History may be kinder to Donald Trump as president of the United States than we can today imagine but that’s a long way away. Today, nothing is more unbecoming about the way he has conducted himself in office than his leaving of it.
Or trying not to leave it, when he lost the last election.
Look at the scenes at the Capitol: A mob incited to riot by the president of the United States.
The fiasco Wednesday at the Capitol was a Trump-inspired protest of the usually mundane task of counting electoral votes for the presidency.
The result of that task is preordained because many Republicans refuse to go along with the literally trumped-up objections to the votes in several states. More honor to them, leading with Senate Majority Leader Mitch McConnell of Kentucky.
McConnell said the voters have spoken. “If we overrule them we will damage our republic forever,” he said.
With his speech, McConnell spoke for a disgruntled party that almost blindly followed Trump as president but today stands repudiated at the polls in Georgia’s U.S. Senate runoffs. Georgia. Where the Electoral College fiasco, brewing for days, doubtless turned off voters.
Vice President Mike Pence, the endlessly loyal backer of the president, rejected the utterly bogus notion from Trump that he has authority to reject the Electoral College votes of the states.
If the Republicans putting country before party deserve honor — including, we note with pride, U.S. Sen. Bill Cassidy of Baton Rouge — the bulk of Louisiana’s GOP delegation deserve condemnation. U.S. Sen. John N. Kennedy, R-Madisonville, showed himself unworthy of the moment.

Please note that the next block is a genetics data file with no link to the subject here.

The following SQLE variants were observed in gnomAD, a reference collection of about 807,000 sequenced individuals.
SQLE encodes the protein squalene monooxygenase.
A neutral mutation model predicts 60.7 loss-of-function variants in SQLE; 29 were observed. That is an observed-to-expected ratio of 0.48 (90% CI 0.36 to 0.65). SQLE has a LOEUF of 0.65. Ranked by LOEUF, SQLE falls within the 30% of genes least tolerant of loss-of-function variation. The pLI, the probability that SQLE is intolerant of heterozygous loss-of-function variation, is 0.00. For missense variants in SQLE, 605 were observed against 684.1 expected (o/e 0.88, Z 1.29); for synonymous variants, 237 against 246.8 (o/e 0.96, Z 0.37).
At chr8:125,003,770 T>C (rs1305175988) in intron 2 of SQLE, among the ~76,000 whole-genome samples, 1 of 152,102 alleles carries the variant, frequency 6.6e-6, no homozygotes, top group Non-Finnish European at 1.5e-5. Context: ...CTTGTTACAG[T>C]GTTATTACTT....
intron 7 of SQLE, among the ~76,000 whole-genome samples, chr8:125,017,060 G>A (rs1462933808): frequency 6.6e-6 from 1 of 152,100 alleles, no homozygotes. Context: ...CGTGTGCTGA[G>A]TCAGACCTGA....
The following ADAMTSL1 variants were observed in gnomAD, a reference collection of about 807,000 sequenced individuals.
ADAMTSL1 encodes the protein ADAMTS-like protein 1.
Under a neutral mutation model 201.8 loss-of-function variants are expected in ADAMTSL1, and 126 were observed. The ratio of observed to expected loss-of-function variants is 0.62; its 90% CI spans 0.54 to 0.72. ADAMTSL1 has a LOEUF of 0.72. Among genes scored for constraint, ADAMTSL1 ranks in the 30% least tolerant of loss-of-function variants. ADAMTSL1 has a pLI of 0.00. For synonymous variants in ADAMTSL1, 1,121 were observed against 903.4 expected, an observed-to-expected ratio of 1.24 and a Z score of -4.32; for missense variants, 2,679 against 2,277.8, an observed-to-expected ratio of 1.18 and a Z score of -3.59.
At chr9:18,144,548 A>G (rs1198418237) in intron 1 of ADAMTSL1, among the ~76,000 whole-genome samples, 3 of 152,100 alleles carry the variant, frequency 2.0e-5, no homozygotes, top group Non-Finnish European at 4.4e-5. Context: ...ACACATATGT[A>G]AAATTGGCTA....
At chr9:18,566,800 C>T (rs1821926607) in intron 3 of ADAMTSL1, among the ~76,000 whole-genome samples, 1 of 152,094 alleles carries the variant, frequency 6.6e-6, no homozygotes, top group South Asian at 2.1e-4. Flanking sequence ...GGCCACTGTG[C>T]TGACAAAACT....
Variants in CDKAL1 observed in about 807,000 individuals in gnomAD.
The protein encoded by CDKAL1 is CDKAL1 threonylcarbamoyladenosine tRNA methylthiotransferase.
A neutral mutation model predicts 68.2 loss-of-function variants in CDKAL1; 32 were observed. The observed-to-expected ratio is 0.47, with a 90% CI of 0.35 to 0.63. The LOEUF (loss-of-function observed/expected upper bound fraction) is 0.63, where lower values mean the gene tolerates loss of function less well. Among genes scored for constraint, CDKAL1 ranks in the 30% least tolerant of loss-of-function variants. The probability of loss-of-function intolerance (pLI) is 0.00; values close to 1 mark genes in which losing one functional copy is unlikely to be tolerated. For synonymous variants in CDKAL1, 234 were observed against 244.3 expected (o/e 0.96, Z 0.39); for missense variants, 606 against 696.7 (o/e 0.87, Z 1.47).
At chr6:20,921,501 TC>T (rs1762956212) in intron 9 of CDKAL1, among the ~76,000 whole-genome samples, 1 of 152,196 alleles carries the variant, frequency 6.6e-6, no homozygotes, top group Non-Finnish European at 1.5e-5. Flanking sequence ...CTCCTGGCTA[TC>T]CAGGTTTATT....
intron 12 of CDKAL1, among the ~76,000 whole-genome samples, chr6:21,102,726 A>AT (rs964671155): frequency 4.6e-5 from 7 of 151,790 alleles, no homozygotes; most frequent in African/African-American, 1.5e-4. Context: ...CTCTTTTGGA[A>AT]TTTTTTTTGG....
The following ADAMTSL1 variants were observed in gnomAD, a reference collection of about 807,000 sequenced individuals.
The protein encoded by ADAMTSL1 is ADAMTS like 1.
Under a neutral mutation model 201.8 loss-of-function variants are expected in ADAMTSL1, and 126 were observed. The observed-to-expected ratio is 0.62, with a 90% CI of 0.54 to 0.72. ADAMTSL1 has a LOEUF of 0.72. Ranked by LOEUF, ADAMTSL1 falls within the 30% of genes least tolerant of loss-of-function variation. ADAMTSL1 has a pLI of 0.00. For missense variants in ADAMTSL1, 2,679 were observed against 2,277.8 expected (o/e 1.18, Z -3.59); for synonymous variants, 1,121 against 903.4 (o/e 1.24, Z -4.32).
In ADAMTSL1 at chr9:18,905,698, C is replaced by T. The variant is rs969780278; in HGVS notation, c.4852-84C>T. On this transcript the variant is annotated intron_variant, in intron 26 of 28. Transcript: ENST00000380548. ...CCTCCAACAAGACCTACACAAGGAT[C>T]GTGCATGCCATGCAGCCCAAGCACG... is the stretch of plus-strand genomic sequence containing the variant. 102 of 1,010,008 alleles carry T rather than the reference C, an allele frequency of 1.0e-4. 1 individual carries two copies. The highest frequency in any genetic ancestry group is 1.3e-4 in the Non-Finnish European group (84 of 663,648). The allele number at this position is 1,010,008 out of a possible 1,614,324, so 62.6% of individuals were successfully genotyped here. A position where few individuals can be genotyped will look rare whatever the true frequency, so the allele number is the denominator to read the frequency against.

Condemnation is not too harsh a word.
That Wednesday's riot is disgraceful is obvious. What should also be clear is that congressional Republicans loyal to Trump are culpable.
The first refuge of political scoundrels is the law books, and U.S. Rep. Mike Johnson from north Louisiana was among the lawyers spinning out the notion that changes in election laws in the states — every one, that we are aware of, approved by courts, governors or legislatures — somehow contravened the constitutional authority of state lawmakers to oversee elections.
McConnell disposed of this immediately. Congress as “a national board of elections on steroids” would be a farce, and he’s right.
The president’s fantasy is that he was robbed. Because of his political influence, members of the Congress — right up to the No. 2 House Republican, Louisiana’s Steve Scalise — pretzeled their honor into backing a spurious legal claim.
Even more obvious is the fact that Johnson, Scalise and others try to ignore, crystal clear to five-year-olds, that 2020 was not a normal year. States had to make pandemic-inspired adjustments to elections — Louisiana did, and they were controversial, but our returns for president were not contestable in any way. Our elections in the United States are not perfect, but in this world, our republic and its democratic process are a light, today sullied by the president for his own ends.
That Donald Trump takes this loss badly is one thing. That our constitutional processes are attacked out of rage and blindness is something that history will truly remember.